BERLIN - Nick Symmonds was in perfect position with 100 meters to go in Sunday's 800 meter final at the World Track & Field Championships. Entering the home stretch in second place, right behind Mbulaeni Mulaudzi of South Africa, Symmonds looked to be poised for a stretch run that could bring him a medal, or even a championship. It didn't happen.
Symmonds' usual blistering kick did not appear today, and he was unable to pull away from the other runners. He finished in sixth place in a time of 1:45.71.
Mulaudzi held on for the win in 1:45.29. Defending champion Alfred Yego of Kenya won the silver medal and Yusuf Kamel of Bahrain, who won the 1500 meter race here, took the bronze. The finish of the race was so close that the first seven finishers placed within .57 seconds of the winner.
The former seven-time NCAA Division III champion for Willamette University, Symmonds is known for starting slowly and coming from behind in races. He seemed to change tactics for this race, however. While Symmonds was near the back of the 10-man field after the first 150 meters, he made a strong move toward the front just halfway through the first lap.
As the runners came down the home stretch concluding the first lap, Symmonds settled in at the front of the pack, just behind and to the outside of Mulaudzi. On the second lap, the pace picked up as the runners went down the backstretch, but Symmonds was able to fight off all challengers and hold his position until they hit the home straight.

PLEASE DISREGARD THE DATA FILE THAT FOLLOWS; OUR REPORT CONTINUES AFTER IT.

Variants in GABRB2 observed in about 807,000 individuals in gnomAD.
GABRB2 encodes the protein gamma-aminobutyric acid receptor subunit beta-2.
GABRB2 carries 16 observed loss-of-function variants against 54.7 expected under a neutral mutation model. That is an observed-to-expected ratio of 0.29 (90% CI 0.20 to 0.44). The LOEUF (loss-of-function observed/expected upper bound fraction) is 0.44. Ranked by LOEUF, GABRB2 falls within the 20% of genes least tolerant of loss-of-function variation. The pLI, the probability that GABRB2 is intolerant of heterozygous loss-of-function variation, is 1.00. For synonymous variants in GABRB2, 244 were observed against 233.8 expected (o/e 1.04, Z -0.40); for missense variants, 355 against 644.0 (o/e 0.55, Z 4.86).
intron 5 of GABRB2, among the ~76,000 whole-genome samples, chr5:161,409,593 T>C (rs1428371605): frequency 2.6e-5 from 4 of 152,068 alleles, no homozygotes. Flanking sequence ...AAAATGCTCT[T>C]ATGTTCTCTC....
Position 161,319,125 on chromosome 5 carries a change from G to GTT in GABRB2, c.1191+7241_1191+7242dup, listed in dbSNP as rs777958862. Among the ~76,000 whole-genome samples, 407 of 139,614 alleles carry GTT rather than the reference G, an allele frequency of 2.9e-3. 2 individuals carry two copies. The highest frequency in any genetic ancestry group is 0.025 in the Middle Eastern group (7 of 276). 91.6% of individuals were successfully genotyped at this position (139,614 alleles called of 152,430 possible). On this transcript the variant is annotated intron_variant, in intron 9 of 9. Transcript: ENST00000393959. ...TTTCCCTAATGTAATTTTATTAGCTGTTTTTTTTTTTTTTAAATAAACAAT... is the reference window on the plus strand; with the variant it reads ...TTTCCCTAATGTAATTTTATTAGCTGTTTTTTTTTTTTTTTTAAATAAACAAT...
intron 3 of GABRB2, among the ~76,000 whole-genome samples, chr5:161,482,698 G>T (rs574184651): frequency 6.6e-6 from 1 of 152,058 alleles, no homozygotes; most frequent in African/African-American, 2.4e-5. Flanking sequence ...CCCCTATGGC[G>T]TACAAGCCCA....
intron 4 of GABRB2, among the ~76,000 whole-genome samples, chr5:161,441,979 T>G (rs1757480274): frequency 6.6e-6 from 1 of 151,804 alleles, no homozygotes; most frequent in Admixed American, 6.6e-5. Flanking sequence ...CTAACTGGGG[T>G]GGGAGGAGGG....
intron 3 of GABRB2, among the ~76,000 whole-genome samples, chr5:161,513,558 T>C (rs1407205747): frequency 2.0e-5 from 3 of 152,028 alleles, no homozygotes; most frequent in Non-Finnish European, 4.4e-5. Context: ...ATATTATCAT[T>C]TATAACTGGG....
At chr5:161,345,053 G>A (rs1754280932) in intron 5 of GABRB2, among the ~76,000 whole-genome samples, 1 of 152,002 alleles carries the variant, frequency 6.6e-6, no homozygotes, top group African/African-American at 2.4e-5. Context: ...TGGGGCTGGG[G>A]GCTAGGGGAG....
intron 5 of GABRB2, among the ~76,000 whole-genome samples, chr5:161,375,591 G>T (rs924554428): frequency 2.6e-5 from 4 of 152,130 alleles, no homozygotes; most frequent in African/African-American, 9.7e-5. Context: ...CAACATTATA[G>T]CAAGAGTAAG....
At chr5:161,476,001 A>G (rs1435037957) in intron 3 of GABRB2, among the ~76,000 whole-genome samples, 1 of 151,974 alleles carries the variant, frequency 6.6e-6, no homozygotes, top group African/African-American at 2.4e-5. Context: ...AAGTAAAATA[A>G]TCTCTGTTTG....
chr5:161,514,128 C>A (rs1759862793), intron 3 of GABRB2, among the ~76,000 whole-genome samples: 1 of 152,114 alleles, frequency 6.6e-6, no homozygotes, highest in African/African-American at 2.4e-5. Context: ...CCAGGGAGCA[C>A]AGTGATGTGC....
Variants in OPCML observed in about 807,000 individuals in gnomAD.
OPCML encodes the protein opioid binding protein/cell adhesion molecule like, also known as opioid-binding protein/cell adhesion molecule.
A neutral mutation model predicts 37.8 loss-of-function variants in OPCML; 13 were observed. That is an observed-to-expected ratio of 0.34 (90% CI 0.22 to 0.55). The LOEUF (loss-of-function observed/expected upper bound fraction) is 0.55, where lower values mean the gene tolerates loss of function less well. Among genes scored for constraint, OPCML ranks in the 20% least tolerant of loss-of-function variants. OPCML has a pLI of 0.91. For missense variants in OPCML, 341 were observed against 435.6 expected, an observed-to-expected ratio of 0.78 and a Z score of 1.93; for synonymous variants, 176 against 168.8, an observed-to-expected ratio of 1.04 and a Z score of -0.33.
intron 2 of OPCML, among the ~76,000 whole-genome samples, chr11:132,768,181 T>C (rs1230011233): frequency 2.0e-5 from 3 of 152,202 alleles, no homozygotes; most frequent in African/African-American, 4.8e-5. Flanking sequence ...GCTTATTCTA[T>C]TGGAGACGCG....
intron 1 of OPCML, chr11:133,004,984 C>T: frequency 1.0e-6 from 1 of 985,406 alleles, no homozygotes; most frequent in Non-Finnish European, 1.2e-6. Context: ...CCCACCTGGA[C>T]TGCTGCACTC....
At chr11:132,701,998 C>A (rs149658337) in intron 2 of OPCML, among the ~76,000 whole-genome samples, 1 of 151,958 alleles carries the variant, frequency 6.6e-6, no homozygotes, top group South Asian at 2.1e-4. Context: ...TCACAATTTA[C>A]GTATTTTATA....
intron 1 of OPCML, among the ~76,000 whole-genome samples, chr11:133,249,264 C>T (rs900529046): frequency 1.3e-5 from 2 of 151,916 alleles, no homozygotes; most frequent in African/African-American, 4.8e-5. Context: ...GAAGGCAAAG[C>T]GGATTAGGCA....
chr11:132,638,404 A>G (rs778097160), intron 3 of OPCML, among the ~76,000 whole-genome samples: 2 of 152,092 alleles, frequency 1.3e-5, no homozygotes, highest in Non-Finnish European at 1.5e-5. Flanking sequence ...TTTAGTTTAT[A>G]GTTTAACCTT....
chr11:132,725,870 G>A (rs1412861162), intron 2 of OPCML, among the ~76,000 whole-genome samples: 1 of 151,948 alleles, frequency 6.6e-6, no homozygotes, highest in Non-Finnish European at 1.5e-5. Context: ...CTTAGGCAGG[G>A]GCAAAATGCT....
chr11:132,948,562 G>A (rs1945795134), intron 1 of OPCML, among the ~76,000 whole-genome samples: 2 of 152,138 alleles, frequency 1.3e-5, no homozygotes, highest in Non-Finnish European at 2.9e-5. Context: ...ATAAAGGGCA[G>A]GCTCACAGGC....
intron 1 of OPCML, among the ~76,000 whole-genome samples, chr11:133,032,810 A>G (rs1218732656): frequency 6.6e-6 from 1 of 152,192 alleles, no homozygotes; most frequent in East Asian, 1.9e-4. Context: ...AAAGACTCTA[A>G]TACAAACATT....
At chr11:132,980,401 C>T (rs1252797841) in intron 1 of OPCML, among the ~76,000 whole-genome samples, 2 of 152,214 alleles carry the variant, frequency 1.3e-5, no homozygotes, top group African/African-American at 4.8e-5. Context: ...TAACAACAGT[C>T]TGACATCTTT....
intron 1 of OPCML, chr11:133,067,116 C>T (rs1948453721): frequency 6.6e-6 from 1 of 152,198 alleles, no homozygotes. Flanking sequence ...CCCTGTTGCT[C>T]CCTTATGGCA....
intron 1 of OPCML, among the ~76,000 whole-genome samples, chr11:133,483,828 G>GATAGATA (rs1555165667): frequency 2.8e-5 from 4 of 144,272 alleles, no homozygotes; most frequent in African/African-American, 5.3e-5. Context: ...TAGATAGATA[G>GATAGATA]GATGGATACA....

Several runners pulled up on Symmonds as the tight pack neared the line. This time he was unable to hold them off, as four runners passed him before the line. Following the race, Symmonds sat by the edge of the track appearing stunned by the turn of events. He declined to talk to the media in the mixed zone after the race.
On Friday, Symmonds had won his semifinal heat, becoming the first American man to qualify for the 800 meters at the World Championships in
12 years. Though he was not considered one of the favorites in the finals, Symmonds has gained a measure of recognition internationally, especially since he ran 1:43.83 in Monaco just three weeks ago, and he is known as a lethal finisher. Today, however, the strong finish just wasn't there.